Cabinet member for streetscene Mark Jones told The Yorkshire Post such an inquiry could be part of the “healing process” following a damning report by the Local Government Ombudsman earlier this week which found the council had misled the public, misrepresented expert advice and acted with a “lack of honesty” over the issue.
He said: “I think we can’t take anything off the table or we risk going back to where we were before. Whatever we do going forward, it needs to be real and genuine. Whatever we do needs to be genuinely a reconciliation process, not looking for revenge.”
Around 5,500 trees - 2,000 of them healthy but deemed to be damaging pavements and road surfaces - were chopped down and replaced with saplings under a £2bn highways project called Streets Ahead that started in 2012. Felling work was paused in spring 2018 as growing protests against the work attracted international condemnation when dozens of police officers and private security guards were sent to support the operations and multiple arrests were made
The council also made attempts in court to have a number of demonstrators jailed for breaching a protest injunction, with three given suspended jail sentences.
A new strategy has since been introduced following lengthy talks with campaigners and hundreds of previously at-risk trees have now been saved from the axe through solutions such as kerb repairs.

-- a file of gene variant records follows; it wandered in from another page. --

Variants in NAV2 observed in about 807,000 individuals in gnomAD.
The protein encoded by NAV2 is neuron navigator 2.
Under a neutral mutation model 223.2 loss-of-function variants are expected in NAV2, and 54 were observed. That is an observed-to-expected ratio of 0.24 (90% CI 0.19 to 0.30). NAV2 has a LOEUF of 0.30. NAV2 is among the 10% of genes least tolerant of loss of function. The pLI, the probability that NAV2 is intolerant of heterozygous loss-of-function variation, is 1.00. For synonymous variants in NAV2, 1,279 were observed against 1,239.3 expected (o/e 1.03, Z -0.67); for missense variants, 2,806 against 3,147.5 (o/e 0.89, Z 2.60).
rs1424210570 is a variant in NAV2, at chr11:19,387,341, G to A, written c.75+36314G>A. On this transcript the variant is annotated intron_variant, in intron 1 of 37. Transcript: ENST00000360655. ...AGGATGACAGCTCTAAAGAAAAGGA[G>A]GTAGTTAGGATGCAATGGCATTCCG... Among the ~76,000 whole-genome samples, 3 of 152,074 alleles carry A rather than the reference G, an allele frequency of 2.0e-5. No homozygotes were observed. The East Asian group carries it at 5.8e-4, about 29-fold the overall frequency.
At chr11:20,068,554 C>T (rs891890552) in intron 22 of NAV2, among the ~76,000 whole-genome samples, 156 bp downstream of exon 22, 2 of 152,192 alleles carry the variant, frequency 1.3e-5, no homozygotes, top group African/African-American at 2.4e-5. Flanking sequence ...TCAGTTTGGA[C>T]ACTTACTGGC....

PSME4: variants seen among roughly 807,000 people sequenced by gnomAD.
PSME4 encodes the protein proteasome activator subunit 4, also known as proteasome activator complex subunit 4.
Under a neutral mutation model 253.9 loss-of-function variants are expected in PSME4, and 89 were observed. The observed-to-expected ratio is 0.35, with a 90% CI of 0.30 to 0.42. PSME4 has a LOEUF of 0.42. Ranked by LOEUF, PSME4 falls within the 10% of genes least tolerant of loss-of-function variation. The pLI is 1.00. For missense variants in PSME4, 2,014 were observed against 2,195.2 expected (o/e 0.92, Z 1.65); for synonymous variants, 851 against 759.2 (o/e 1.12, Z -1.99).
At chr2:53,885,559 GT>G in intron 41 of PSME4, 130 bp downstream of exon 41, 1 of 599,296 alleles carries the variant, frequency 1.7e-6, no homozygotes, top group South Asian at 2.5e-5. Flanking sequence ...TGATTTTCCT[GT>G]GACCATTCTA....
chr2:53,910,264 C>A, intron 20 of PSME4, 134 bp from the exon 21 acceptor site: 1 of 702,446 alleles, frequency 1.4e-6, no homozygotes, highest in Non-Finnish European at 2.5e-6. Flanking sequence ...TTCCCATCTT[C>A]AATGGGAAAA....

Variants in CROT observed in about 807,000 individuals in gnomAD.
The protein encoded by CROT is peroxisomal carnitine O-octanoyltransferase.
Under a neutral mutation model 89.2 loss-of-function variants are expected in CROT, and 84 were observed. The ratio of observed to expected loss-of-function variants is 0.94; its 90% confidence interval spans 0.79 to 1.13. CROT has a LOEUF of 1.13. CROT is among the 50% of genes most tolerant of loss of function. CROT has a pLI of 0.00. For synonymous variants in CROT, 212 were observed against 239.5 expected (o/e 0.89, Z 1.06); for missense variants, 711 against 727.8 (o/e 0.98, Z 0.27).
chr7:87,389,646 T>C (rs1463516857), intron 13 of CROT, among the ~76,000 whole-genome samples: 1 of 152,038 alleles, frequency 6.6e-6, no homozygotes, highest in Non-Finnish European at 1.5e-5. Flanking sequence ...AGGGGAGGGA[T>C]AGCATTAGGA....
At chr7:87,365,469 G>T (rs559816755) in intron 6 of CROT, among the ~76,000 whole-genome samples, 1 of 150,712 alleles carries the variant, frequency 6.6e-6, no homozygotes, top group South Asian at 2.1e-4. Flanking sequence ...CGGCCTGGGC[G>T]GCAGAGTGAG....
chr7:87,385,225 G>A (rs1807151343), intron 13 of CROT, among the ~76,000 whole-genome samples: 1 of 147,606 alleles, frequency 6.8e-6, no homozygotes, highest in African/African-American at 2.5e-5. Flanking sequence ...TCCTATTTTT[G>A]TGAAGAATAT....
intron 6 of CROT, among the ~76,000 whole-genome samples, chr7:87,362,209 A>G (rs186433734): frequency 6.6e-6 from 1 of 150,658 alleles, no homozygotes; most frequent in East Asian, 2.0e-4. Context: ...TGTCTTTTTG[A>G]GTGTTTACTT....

One of the key findings of the Ombudsman’s report was that prior to the change in approach, the council had taken the “unacceptable” decision to publish official strategy documents which said its contract Amey would consider 14 possible fixes before removing any tree.
The council repeatedly claimed in public that removing trees was a “last resort” but the Ombudsman found the 14 fixes were never part of the contract and Amey “would never use some of the ‘solutions’ referred to”.
Coun Jones, who was elected as a councillor in 2016 and took up his cabinet post last year, said he was unable to explain what had gone so wrong.
“That is the bit I can’t quite get my head around,” he said. “The desire was to develop better roads and somewhere along the way we seemed to lose sight that the trees are not just something that damaged them but have value in themselves. At some stage that seems to have got lost. I don’t know how that happened.”
The Ombudsman has given Sheffield Council three months to respond to explain what action it plans to take or proposes to take as a result of its findings and will then decide whether sufficient steps have been taken to put things right.
As part of the process, the findings of the report must be discussed by councillors either at a cabinet meeting, during full council or an “appropriately delegated committee”.
Coun Jones said the idea of ordering an independent inquiry - something that campaigners have long called for - into what went wrong is likely to be among the discussion points but said he could not yet say whether one would be ordered.
“There may be, there may not be. There may still be need for one or there may not be one,” he said.
“We need to reflect on everything and where we are. It may be needed as part of the healing process.”
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